By Jackie McVicar, Atlantic Region Solidarity Network
Bev Sellars is constantly reminded about the deeply personal, social and cultural loss that she and others in her community of Williams Lake have suffered since the Mount Polley mine disaster in 2014. A few weeks ago, when the former Chief of the Xat’sull First Nation at Soda Creek, British Columbia was forced to evacuate her home because of the raging wildfires, she looked around and wondered what to take.
“What could I grab that I couldn’t replace?” she says, remembering looking around at her life’s belongings. “All kinds of history sits in my house. I sighed, asked the ancestors to keep everyone safe and made my decision. I gathered a couple of boxes of old pictures, took a walk around the house looking for what was important and eyed two flats of canned salmon that we got from the Band. I have not eaten Fraser River salmon in such a long time and because my children have connections in Nuxalk territory (Bella Coola) I am fortunate to be able to get some salmon from there. I took the canned salmon because to me, that is my gold. I couldn’t imagine leaving it and allowing it to be burnt up. Even though it is not from our territory, that salmon, or at least some of it, would have been born in the Quesnel Lake area.”
Canada’s largest mine waste disaster on August 4, 2014, saw 24 million cubic metres of mine waste and water flushed into Hazeltine and Edney Creeks and Polley and Quesnel Lakes, all located in the Cariboo region of Central British Columbia and part of the Fraser River Watershed. Quesnel Lake, one of the largest fjord lakes in the world and considered the birthing waters of sacred salmon and other fish that provide food security in the region, continues to have mine waste pumped into it from the Mount Polley Mine after the province gave special permission to do so in April 2017. According to MiningWatch Canada, “the littoral area along the West Arm of Quesnel Lake was permanently altered by the Mount Polley spill,” and there is no plan to stop polluting anytime soon.
Christine McLean and her family bought a cabin on Quesnel Lake five years ago. Her first cabin log entry in March 2012 read, “We always dreamed of having something really special to pass on to our children, our grandchildren and for them to keep passing it on. That special something became a place on the lake, fishing, hiking, sledding, swimming and maybe even skating! We picked the Cariboo, and in particular, Quesnel Lake because we are absolutely certain that the water will always be protected, there will always be fish in it and it will be many years before it becomes too crowded. Today we draw our water directly from the lake for drinking. I’m sure I’ll catch a trout right off the dock.”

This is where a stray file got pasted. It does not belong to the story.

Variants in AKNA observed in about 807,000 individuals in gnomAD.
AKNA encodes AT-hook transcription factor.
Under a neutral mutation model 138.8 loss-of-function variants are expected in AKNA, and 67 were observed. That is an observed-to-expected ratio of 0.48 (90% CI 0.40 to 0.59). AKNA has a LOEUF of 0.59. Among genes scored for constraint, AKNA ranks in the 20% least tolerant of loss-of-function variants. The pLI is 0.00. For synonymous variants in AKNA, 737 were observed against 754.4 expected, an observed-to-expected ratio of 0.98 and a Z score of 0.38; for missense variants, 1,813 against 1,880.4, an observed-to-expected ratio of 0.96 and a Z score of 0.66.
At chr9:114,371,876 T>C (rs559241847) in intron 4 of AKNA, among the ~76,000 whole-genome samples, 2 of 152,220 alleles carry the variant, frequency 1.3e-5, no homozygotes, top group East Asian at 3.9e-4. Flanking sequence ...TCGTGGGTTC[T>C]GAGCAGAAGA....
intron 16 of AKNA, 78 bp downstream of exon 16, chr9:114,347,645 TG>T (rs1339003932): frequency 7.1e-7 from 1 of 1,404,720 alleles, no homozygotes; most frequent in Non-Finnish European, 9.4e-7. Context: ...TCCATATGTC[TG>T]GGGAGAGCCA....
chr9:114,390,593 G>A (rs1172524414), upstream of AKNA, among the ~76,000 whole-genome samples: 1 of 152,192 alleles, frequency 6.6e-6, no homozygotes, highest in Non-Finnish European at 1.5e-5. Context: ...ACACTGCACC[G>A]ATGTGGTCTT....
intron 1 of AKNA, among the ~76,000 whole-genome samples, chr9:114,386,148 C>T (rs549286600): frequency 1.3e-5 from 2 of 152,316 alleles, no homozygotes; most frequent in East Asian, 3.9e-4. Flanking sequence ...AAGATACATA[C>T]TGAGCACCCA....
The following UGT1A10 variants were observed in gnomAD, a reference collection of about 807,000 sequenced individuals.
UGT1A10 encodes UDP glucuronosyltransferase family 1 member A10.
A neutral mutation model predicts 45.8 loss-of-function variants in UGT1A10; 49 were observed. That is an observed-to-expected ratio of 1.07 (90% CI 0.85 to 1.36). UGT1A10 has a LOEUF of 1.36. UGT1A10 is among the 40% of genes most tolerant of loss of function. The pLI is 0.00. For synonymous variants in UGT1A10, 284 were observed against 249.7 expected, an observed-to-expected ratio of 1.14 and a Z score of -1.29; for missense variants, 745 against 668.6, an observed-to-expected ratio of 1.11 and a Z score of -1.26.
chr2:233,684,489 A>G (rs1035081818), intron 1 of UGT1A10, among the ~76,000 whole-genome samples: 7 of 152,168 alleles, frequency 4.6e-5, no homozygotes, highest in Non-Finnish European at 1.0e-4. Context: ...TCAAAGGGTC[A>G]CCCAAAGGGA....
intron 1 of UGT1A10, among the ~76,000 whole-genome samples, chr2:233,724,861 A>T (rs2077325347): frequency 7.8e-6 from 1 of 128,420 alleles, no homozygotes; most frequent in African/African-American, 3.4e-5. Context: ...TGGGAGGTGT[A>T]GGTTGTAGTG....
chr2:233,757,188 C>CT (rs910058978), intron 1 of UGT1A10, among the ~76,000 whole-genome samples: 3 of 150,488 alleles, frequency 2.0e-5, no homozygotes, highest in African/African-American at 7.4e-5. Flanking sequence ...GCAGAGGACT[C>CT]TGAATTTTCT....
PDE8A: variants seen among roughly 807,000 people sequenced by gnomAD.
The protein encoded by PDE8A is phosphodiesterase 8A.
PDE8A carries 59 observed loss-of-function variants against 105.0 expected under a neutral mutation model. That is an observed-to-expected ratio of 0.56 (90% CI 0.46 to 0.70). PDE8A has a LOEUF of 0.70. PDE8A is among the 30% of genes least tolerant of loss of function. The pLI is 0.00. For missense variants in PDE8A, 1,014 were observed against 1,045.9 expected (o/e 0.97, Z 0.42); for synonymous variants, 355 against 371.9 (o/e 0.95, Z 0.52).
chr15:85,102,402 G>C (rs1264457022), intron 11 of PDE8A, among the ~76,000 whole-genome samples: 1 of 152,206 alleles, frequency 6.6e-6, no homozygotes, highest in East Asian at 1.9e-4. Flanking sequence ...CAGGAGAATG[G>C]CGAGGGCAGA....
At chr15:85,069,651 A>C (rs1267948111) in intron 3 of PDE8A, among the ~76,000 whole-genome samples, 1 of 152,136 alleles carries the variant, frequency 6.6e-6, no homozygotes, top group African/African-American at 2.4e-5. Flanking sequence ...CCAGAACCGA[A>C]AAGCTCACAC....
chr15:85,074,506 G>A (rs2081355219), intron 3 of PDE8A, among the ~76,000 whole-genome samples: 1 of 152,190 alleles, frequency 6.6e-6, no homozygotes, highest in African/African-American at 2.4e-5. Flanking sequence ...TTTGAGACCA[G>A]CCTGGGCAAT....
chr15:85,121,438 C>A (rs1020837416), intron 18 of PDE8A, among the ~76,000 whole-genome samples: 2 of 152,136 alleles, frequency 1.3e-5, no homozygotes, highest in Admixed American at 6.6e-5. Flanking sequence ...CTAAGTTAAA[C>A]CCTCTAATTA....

Today, McLean, is the Spokesperson for Concerned Citizens of Quesnel Lake. She says that the community has lost all trust in the company and government – because of the dam spill but also because of the actions they have both taken since then. “Now the Long Term Water Treatment Plan, which will be in effect till the mine life ends 2022 (and forever), is to discharge treated mine contact water via pipeline directly into Quesnel Lake with a 100 m3 Initial Dilution Zone! Using a pristine (or any) waterway as part of the treatment plan for any industry should not be allowed anywhere in Canada,” says McLean. “Water is not a renewable resource!”
BC Announces No Charges Will be Laid
Just days short of the three-year statute of limitations to lay charges in the case, the Province of British Columbia announced on August 2nd that they found no reason to go forward legally against the company. Critics, like Sellers and McLean, say that the Mount Polley disaster should have been a wake up call – but instead is just proving that there is no political will to regulate the mining industry, even in light of disasters like Mount Polley. Weak provincial and federal laws have led to the majority of the world’s mining companies being registered in Canada – and many specifically in BC – because they know they won’t have to pay the consequences of environmental disasters when they arise.
The province reports that both an Expert Panel and the Chief Inspector of Mines for the province, which investigated the mine disaster, “found that the Mount Polley tailings dam failed because the strength and location of a layer of clay underneath the dam was not taken into account in the design or in subsequent dam raises,” raising questions about the approval of the original Environmental Impact Assessment. The province notes,”The Chief Inspector also found other factors including the slope of the perimeter embankment, inadequate water management, insufficient beaches and a sub-excavation at the outside toe of the dam exacerbated the collapse of the dam and the ensuing environmental damage.” Despite the evidence, the province is now leaving it in the hands of the federal government to further pursue an investigation that could lead to charges through the Department of Fisheries and Oceans.
But this is an issue people care about – close to 40,000 people have signed a Sum of Us Petition to demand justice and a fair and comprehensive clean up by the company, which will be presented at the Provincial Mine Ministers’ Meeting in Fredericton, New Brunswick in August. Amnesty International is also adding signatures to demand a public inquiry that would lead to reforms in the mining sector – even though there has been little evidence to date to show that governments are serious about protecting the environment and livelihoods.